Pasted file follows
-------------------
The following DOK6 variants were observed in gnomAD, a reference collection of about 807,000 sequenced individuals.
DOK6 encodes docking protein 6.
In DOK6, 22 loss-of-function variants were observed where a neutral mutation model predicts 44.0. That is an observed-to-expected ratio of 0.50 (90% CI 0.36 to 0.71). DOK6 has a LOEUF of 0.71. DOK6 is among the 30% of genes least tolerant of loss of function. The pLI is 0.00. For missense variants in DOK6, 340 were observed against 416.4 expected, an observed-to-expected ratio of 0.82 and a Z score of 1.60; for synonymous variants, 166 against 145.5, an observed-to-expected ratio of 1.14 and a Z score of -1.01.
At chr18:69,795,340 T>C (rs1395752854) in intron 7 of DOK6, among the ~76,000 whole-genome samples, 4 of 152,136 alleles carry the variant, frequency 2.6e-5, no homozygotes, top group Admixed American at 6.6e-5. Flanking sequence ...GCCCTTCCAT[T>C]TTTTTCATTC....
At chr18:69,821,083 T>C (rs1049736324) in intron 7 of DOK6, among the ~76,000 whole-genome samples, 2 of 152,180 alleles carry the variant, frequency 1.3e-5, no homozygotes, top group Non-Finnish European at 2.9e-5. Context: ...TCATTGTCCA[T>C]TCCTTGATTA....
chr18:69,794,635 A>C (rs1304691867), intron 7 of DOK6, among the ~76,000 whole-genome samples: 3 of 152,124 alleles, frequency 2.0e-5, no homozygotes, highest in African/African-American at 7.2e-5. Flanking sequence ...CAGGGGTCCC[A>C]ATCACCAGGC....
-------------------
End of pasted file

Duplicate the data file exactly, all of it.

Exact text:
The following DOK6 variants were observed in gnomAD, a reference collection of about 807,000 sequenced individuals.
DOK6 encodes docking protein 6.
In DOK6, 22 loss-of-function variants were observed where a neutral mutation model predicts 44.0. That is an observed-to-expected ratio of 0.50 (90% CI 0.36 to 0.71). DOK6 has a LOEUF of 0.71. DOK6 is among the 30% of genes least tolerant of loss of function. The pLI is 0.00. For missense variants in DOK6, 340 were observed against 416.4 expected, an observed-to-expected ratio of 0.82 and a Z score of 1.60; for synonymous variants, 166 against 145.5, an observed-to-expected ratio of 1.14 and a Z score of -1.01.
At chr18:69,795,340 T>C (rs1395752854) in intron 7 of DOK6, among the ~76,000 whole-genome samples, 4 of 152,136 alleles carry the variant, frequency 2.6e-5, no homozygotes, top group Admixed American at 6.6e-5. Flanking sequence ...GCCCTTCCAT[T>C]TTTTTCATTC....
At chr18:69,821,083 T>C (rs1049736324) in intron 7 of DOK6, among the ~76,000 whole-genome samples, 2 of 152,180 alleles carry the variant, frequency 1.3e-5, no homozygotes, top group Non-Finnish European at 2.9e-5. Context: ...TCATTGTCCA[T>C]TCCTTGATTA....
chr18:69,794,635 A>C (rs1304691867), intron 7 of DOK6, among the ~76,000 whole-genome samples: 3 of 152,124 alleles, frequency 2.0e-5, no homozygotes, highest in African/African-American at 7.2e-5. Flanking sequence ...CAGGGGTCCC[A>C]ATCACCAGGC....